"In the first place, the plaintiffs have alleged, and Mr. Walton has sworn, that having invented a new substance, namely, the solidified or oxidized 011, he gave to it the name of 'Linoleum,' and it does not appear that any other name has ever been given to this substance. It appears that the defendants are now minded to make, as it is admitted they may maire, that substance. I want to know what they are to call it. That is a question I have asked, but I have received no answer; and for this simple reason, that no answer could be given, except that they must invent a new name. I do not take that to be the law. I think that, if 'Linoleum' means a substance which may be made by the de-
CENTAUR CO. V. HEINSFURTER.
fendants, the defendants may sell It by the name which that substance bears. · · ·. In my opinion, It would be extremely difficult for a person who has been, by right of some monopoly, the sole manufacturer of a new article, and has given a new name to the new article,-meaning that new article, and nothing more,-to claim that the name is to be attributed to his manufacture, alone, after bis competitors are at liberty to make the same article."
See, also, Manufacturing Co. v. Shakespear (1869) 39 Law J. Ch. 36. That the word "Caatoria" has become the one name by which this medicine is generally known, does not admit of doubt. The testimony makes this perfectly clear. No other name is suggested by which the article is called. It is universally bought and sold as "Castoria," and not by any other name. Indeed, the court might almost take judicial notice of this fact. Beyond the testimony of witnesses as to the general use of the name, may be noticed the plaintiff's bill, in which it is averred that, by virtue of a great expenditure in advertising, the preparation "has become extensively known to the public as 'Castoria,'" and nowhere in the bill is any other name given by whch the medicine is known or called. Further, the documents which the plaintiff offered in evidence to show the successive transfers of title from the original owner to itself all indicate that "Castoria" is the name, and the only name, of the medicine. The certificate of the organization of Pitcher's Manufacturing Company on March 4, 1870, described it as a "corporation established at Boston, in said commonwealth, for the purpose of manufacturing Castoria!' The option of purchase given by the Pitcher Manufacturing Company to Joseph B. Rose on January 17, 1872, was of the "right to manufacture and sell a medicine called 'Castoria!" The bill of sale on January 22d, following this option, also described the thing sold as the "right to manufacture and sell a medicine called 'Castoria.' " In January, 1872, in an assignment by Rose to Demas Barnes, is this description: "The exclusive right to use the name of the said Samuel Pitcher in connection with the manufacture and sale of the said patented medicine, named 'Castoria!" In an assignment by Barnes to his wife on December 31, 1872, the description is "a medicine known as 'Castoria,' or 'Pitcher's Castoria.'" In an assignment by Mrs. Barnes. to Demas B. Dewey, March 25, 1876, are found like words of description. And so through other documents. It is true, in these various documents reference is made to the claim of a trade-mark, and that is included among the properties transferred; but this does not change the fact that the only name by which the article is called is "Castoria," or "Pitcher's Castoria." Many advertisements and circulars were also introduced in evidence by the plaintiff. In these the medicine is always called "Castoria," or "Pitcher's Castoria." So that, beyond the testimony of individuals as to the general use of the word, the plaintiff's bill, the documents and advertisements introduced by it show that this article was and is known by that name, and by that name only. Within, therefore, the decision in Singer Mfg. Co. v. June Mfg. Co., supra, the word "Castoria," being the generic name by which the article is known to the public, has become the property of the public, and anyone is at liberty to use it as descriptive of the thing he is manufacturing and selling. We see no error in the ruling of the circuit court, and its decree is affirmed.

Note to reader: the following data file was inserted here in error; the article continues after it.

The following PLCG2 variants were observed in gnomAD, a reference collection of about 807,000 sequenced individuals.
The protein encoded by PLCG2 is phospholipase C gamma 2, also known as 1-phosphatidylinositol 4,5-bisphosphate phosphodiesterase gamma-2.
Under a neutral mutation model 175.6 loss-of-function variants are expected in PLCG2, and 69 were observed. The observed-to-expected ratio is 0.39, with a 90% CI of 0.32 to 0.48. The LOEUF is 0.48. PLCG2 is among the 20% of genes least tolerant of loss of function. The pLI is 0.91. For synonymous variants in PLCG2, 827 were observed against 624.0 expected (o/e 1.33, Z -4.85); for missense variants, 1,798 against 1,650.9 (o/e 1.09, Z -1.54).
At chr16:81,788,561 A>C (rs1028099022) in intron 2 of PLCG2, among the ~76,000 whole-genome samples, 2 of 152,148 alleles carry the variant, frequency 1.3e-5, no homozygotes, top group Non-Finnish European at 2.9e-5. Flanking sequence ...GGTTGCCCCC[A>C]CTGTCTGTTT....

AMERIOAN STRAWBOARD CO. v. ELKHART EGG-eASE CO. (Circuit Court, D. Indiana. No. 112.
January 27, 1898.)